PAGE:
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• Level: GCSE
• Subject: Maths
• Word count: 4693

# Maths grid extension

Extracts from this document...

Introduction

This is a 10 x 10 size grid with a 3-stair shape in blue. This is called the stair total. The stair total for this stair shape is 25 + 26 + 27 + 35 + 36 + 45 = 194. To investigate the relationship between the stair total and the position of the stair shape, I will use the far-left bottom square as my stair number:

This is always the smallest number in the stair shape. It is 25 for this stair shape.

I will then translate this 3-stair shape to different positions around this 10 x 10 grid:

 46 36 37 26 27 28

The stair-total for this stair shape is 26 + 27 + 28 + 36 + 37 + 46 = 200

 87 77 78 67 68 69

The stair-total for this stair shape is 67 + 68 + 69 + 77 + 78 + 87 = 446

 88 78 79 68 69 70

The stair-total for this stair shape is 68 + 69 + 70 + 78 + 79 + 88 = 452

 23 13 14 3 4 5

The stair-total for this stair shape is 3 + 4 + 5 + 13 + 14 + 23 = 62

 24 14 15 4 5 6

The stair-total for this stair shape is 4 + 5 + 6 + 14 + 15 + 23 = 68

 Stair number Stair Total 25 194 26 200 67 446 68 452 3 62 4 68

I will then summarize these results in a table:

In order to find a formula that I can use to find the stair total when I am given the stair number, I am going to put the stair number as the position and the stair total as the term for the sequence:

 Position 25 26 67 68 3 4 Term 194 200 446 452 62 68
 + 6 + 6 + 6

I have noticed that there is an increase of 6 between two consecutive terms in this arithmetic sequence. Therefore the position-to-term rule must be 6n + or – something.

 Position (n) 25 26 67 68 3 4 Term (u) 194 200 446 452 62 68 6n 150 156 402 408 18 24 + 44 + 44 + 44 + 44 + 44 + 44

As can be seen, the term is always 6 times the position, plus 44.

Thus, for the bottom stair of any 3-stair shape on a 10 x 10 grid, the formula must be Un = 6n + 44, where ‘n’ is the stair number, and ‘Unis the term which is the stair total. I have realised that the ‘6n’ in the formula must come from the number of squares in the stair shape.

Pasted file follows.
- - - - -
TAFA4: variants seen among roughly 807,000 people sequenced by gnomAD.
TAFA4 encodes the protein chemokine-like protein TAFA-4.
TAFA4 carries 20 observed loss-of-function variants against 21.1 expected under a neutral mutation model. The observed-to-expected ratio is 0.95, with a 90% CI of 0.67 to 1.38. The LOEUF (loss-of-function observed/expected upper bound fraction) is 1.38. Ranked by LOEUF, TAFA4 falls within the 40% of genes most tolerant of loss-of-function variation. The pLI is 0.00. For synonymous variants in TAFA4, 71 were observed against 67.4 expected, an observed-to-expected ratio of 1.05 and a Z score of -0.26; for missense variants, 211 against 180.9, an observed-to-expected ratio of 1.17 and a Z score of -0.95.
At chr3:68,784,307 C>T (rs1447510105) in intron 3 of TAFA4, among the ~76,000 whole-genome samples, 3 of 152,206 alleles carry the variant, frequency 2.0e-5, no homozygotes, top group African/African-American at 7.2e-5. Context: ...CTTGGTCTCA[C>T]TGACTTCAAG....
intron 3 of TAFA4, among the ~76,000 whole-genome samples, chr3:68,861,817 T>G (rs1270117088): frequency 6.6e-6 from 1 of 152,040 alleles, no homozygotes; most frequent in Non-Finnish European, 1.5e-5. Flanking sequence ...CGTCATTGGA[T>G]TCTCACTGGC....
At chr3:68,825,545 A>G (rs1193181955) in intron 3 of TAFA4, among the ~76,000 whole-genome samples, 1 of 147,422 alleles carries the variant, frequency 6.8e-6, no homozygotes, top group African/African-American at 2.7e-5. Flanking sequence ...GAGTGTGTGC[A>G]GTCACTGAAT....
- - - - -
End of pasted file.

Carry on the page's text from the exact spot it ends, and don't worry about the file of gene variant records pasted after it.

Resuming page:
Middle

16

1

2

3

4

5

6

7

8

Grid: 8 x 8

‘n’ = 46, ‘g’ = 8:

Stair-total (Un)        =         3n + g + 1

(found using=         3(46) + (8) + 1

the formula)        =         138 + 9

=         147

Stair-total         =         46 + 47 + 54

(found by         =         147

This must mean that my formula Un = 3n + g + 1 – where ‘n’ is the stair number, ‘g’ is the grid size, and ‘Unis the term which is the stair total – works for all 2-stair shapes on any size grid.

Next I will find a formula for calculating the stair-total of a 3-stair shape for any given stair-number. So far I only know the formula for working out the stair-total of 3-stair shape for a 10 x 10 grid.

Stairs: 3

To find a formula for calculating the stair total for any given stair-number of a 3-stair shape on a  5 x 5 grid, I will draw out the 3-stair shape on a 5 x 5 grid in terms of ‘n’ and ‘g’.

Grid: 5 x 5

 21 22 23 24 25 16 n + 2g 18 19 20 11 n + g n + g + 1 14 15 6 n n + 1 n + 2 10 1 2 3 4 5

The stair total for this 3-stair shape is

n + (n + 1) + (n + 2) + (n + g) + (n + g + 1) + (n + 2g)

= n + n + 1 + n + 2 + n + g + n + g + 1 + n + 2g

= 6n + 4g + 4.

As said before, just as these individual values in each square would always be the same no matter where this 3-stair shape is translated around any size grid, the formula Un = 6n + 4g + 4 for working out the stair total for any given stair number – where ‘n’ is the stair number, ‘g’ is the grid size, and ‘Unis the term which is the stair total – would also always be the same no matter where this stair shape is translated around any size grid.